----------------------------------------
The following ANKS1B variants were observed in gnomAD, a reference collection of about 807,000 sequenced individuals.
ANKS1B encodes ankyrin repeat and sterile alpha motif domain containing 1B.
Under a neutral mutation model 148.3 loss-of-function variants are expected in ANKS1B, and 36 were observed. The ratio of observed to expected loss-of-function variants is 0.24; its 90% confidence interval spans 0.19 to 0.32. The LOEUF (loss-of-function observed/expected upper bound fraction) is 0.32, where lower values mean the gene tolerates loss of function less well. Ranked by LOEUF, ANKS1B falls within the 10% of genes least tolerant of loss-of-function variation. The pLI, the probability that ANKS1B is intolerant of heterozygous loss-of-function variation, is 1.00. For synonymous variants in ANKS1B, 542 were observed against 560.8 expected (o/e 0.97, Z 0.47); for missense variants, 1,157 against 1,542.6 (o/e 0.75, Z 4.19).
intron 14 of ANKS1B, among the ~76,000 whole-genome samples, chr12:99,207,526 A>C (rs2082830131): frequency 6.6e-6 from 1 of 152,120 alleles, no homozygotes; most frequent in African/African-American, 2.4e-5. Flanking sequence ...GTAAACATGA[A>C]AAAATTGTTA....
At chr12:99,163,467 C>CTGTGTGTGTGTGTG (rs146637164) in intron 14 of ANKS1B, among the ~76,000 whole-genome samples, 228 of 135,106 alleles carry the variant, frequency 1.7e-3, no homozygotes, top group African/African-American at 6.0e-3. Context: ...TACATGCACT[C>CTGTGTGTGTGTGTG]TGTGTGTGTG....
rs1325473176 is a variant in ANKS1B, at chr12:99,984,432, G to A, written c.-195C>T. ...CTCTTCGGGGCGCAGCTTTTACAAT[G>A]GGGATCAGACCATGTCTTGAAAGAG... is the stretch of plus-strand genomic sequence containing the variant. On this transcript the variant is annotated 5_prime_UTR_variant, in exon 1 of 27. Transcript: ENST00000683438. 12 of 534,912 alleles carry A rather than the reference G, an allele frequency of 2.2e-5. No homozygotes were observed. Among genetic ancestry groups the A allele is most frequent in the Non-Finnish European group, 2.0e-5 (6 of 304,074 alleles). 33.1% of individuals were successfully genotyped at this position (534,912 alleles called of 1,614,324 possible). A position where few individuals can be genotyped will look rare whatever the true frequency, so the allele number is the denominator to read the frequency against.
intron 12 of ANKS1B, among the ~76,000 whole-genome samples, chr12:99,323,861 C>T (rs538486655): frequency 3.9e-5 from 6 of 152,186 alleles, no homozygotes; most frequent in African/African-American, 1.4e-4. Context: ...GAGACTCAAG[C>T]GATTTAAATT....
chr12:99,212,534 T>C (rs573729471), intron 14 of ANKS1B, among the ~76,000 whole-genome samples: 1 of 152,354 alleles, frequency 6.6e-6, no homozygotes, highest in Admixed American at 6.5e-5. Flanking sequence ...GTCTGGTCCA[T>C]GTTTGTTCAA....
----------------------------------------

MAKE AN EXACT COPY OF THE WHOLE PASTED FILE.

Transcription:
The following ANKS1B variants were observed in gnomAD, a reference collection of about 807,000 sequenced individuals.
ANKS1B encodes ankyrin repeat and sterile alpha motif domain containing 1B.
Under a neutral mutation model 148.3 loss-of-function variants are expected in ANKS1B, and 36 were observed. The ratio of observed to expected loss-of-function variants is 0.24; its 90% confidence interval spans 0.19 to 0.32. The LOEUF (loss-of-function observed/expected upper bound fraction) is 0.32, where lower values mean the gene tolerates loss of function less well. Ranked by LOEUF, ANKS1B falls within the 10% of genes least tolerant of loss-of-function variation. The pLI, the probability that ANKS1B is intolerant of heterozygous loss-of-function variation, is 1.00. For synonymous variants in ANKS1B, 542 were observed against 560.8 expected (o/e 0.97, Z 0.47); for missense variants, 1,157 against 1,542.6 (o/e 0.75, Z 4.19).
intron 14 of ANKS1B, among the ~76,000 whole-genome samples, chr12:99,207,526 A>C (rs2082830131): frequency 6.6e-6 from 1 of 152,120 alleles, no homozygotes; most frequent in African/African-American, 2.4e-5. Flanking sequence ...GTAAACATGA[A>C]AAAATTGTTA....
At chr12:99,163,467 C>CTGTGTGTGTGTGTG (rs146637164) in intron 14 of ANKS1B, among the ~76,000 whole-genome samples, 228 of 135,106 alleles carry the variant, frequency 1.7e-3, no homozygotes, top group African/African-American at 6.0e-3. Context: ...TACATGCACT[C>CTGTGTGTGTGTGTG]TGTGTGTGTG....
rs1325473176 is a variant in ANKS1B, at chr12:99,984,432, G to A, written c.-195C>T. ...CTCTTCGGGGCGCAGCTTTTACAAT[G>A]GGGATCAGACCATGTCTTGAAAGAG... is the stretch of plus-strand genomic sequence containing the variant. On this transcript the variant is annotated 5_prime_UTR_variant, in exon 1 of 27. Transcript: ENST00000683438. 12 of 534,912 alleles carry A rather than the reference G, an allele frequency of 2.2e-5. No homozygotes were observed. Among genetic ancestry groups the A allele is most frequent in the Non-Finnish European group, 2.0e-5 (6 of 304,074 alleles). 33.1% of individuals were successfully genotyped at this position (534,912 alleles called of 1,614,324 possible). A position where few individuals can be genotyped will look rare whatever the true frequency, so the allele number is the denominator to read the frequency against.
intron 12 of ANKS1B, among the ~76,000 whole-genome samples, chr12:99,323,861 C>T (rs538486655): frequency 3.9e-5 from 6 of 152,186 alleles, no homozygotes; most frequent in African/African-American, 1.4e-4. Context: ...GAGACTCAAG[C>T]GATTTAAATT....
chr12:99,212,534 T>C (rs573729471), intron 14 of ANKS1B, among the ~76,000 whole-genome samples: 1 of 152,354 alleles, frequency 6.6e-6, no homozygotes, highest in Admixed American at 6.5e-5. Flanking sequence ...GTCTGGTCCA[T>C]GTTTGTTCAA....